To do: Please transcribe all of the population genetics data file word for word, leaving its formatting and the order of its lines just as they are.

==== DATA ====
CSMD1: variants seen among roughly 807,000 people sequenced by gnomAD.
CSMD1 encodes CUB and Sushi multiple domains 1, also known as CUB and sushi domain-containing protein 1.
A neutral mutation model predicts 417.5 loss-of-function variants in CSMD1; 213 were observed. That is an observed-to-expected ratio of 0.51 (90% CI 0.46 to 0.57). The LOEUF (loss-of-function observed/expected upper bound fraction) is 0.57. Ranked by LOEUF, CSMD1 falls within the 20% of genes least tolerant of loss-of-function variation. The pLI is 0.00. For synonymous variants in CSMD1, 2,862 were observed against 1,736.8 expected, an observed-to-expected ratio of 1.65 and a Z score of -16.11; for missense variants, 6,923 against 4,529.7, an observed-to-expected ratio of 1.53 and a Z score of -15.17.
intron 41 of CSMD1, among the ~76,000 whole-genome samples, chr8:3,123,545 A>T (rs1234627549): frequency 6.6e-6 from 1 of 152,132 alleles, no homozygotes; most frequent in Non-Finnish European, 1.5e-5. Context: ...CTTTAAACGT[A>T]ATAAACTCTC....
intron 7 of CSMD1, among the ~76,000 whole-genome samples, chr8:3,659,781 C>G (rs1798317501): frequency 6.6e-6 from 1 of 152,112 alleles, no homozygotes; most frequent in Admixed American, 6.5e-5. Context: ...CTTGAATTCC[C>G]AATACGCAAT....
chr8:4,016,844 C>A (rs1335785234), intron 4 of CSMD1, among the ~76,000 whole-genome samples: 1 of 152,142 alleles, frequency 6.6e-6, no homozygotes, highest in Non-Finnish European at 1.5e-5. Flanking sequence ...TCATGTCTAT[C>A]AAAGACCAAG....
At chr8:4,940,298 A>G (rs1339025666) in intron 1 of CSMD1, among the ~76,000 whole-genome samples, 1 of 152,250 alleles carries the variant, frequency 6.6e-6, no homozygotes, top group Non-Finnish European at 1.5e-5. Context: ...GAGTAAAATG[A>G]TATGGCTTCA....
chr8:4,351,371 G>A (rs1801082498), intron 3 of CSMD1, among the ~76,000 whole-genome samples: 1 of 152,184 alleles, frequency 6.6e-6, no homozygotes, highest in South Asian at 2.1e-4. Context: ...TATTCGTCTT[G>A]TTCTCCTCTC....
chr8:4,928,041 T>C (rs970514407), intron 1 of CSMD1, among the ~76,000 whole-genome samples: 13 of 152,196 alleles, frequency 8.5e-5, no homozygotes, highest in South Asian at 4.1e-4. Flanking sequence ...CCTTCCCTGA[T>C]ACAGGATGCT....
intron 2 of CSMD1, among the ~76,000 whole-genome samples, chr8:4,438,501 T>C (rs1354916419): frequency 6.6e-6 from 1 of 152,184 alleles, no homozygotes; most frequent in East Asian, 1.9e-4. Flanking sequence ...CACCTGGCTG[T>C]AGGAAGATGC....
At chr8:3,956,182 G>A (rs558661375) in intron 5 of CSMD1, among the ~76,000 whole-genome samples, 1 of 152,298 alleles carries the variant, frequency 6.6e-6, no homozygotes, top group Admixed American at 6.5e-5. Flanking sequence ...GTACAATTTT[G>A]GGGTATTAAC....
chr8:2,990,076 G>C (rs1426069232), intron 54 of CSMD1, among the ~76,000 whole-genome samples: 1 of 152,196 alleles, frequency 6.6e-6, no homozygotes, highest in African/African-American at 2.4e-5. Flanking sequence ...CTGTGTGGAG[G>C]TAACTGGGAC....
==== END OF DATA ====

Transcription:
CSMD1: variants seen among roughly 807,000 people sequenced by gnomAD.
CSMD1 encodes CUB and Sushi multiple domains 1, also known as CUB and sushi domain-containing protein 1.
A neutral mutation model predicts 417.5 loss-of-function variants in CSMD1; 213 were observed. That is an observed-to-expected ratio of 0.51 (90% CI 0.46 to 0.57). The LOEUF (loss-of-function observed/expected upper bound fraction) is 0.57. Ranked by LOEUF, CSMD1 falls within the 20% of genes least tolerant of loss-of-function variation. The pLI is 0.00. For synonymous variants in CSMD1, 2,862 were observed against 1,736.8 expected, an observed-to-expected ratio of 1.65 and a Z score of -16.11; for missense variants, 6,923 against 4,529.7, an observed-to-expected ratio of 1.53 and a Z score of -15.17.
intron 41 of CSMD1, among the ~76,000 whole-genome samples, chr8:3,123,545 A>T (rs1234627549): frequency 6.6e-6 from 1 of 152,132 alleles, no homozygotes; most frequent in Non-Finnish European, 1.5e-5. Context: ...CTTTAAACGT[A>T]ATAAACTCTC....
intron 7 of CSMD1, among the ~76,000 whole-genome samples, chr8:3,659,781 C>G (rs1798317501): frequency 6.6e-6 from 1 of 152,112 alleles, no homozygotes; most frequent in Admixed American, 6.5e-5. Context: ...CTTGAATTCC[C>G]AATACGCAAT....
chr8:4,016,844 C>A (rs1335785234), intron 4 of CSMD1, among the ~76,000 whole-genome samples: 1 of 152,142 alleles, frequency 6.6e-6, no homozygotes, highest in Non-Finnish European at 1.5e-5. Flanking sequence ...TCATGTCTAT[C>A]AAAGACCAAG....
At chr8:4,940,298 A>G (rs1339025666) in intron 1 of CSMD1, among the ~76,000 whole-genome samples, 1 of 152,250 alleles carries the variant, frequency 6.6e-6, no homozygotes, top group Non-Finnish European at 1.5e-5. Context: ...GAGTAAAATG[A>G]TATGGCTTCA....
chr8:4,351,371 G>A (rs1801082498), intron 3 of CSMD1, among the ~76,000 whole-genome samples: 1 of 152,184 alleles, frequency 6.6e-6, no homozygotes, highest in South Asian at 2.1e-4. Context: ...TATTCGTCTT[G>A]TTCTCCTCTC....
chr8:4,928,041 T>C (rs970514407), intron 1 of CSMD1, among the ~76,000 whole-genome samples: 13 of 152,196 alleles, frequency 8.5e-5, no homozygotes, highest in South Asian at 4.1e-4. Flanking sequence ...CCTTCCCTGA[T>C]ACAGGATGCT....
intron 2 of CSMD1, among the ~76,000 whole-genome samples, chr8:4,438,501 T>C (rs1354916419): frequency 6.6e-6 from 1 of 152,184 alleles, no homozygotes; most frequent in East Asian, 1.9e-4. Flanking sequence ...CACCTGGCTG[T>C]AGGAAGATGC....
At chr8:3,956,182 G>A (rs558661375) in intron 5 of CSMD1, among the ~76,000 whole-genome samples, 1 of 152,298 alleles carries the variant, frequency 6.6e-6, no homozygotes, top group Admixed American at 6.5e-5. Flanking sequence ...GTACAATTTT[G>A]GGGTATTAAC....
chr8:2,990,076 G>C (rs1426069232), intron 54 of CSMD1, among the ~76,000 whole-genome samples: 1 of 152,196 alleles, frequency 6.6e-6, no homozygotes, highest in African/African-American at 2.4e-5. Flanking sequence ...CTGTGTGGAG[G>C]TAACTGGGAC....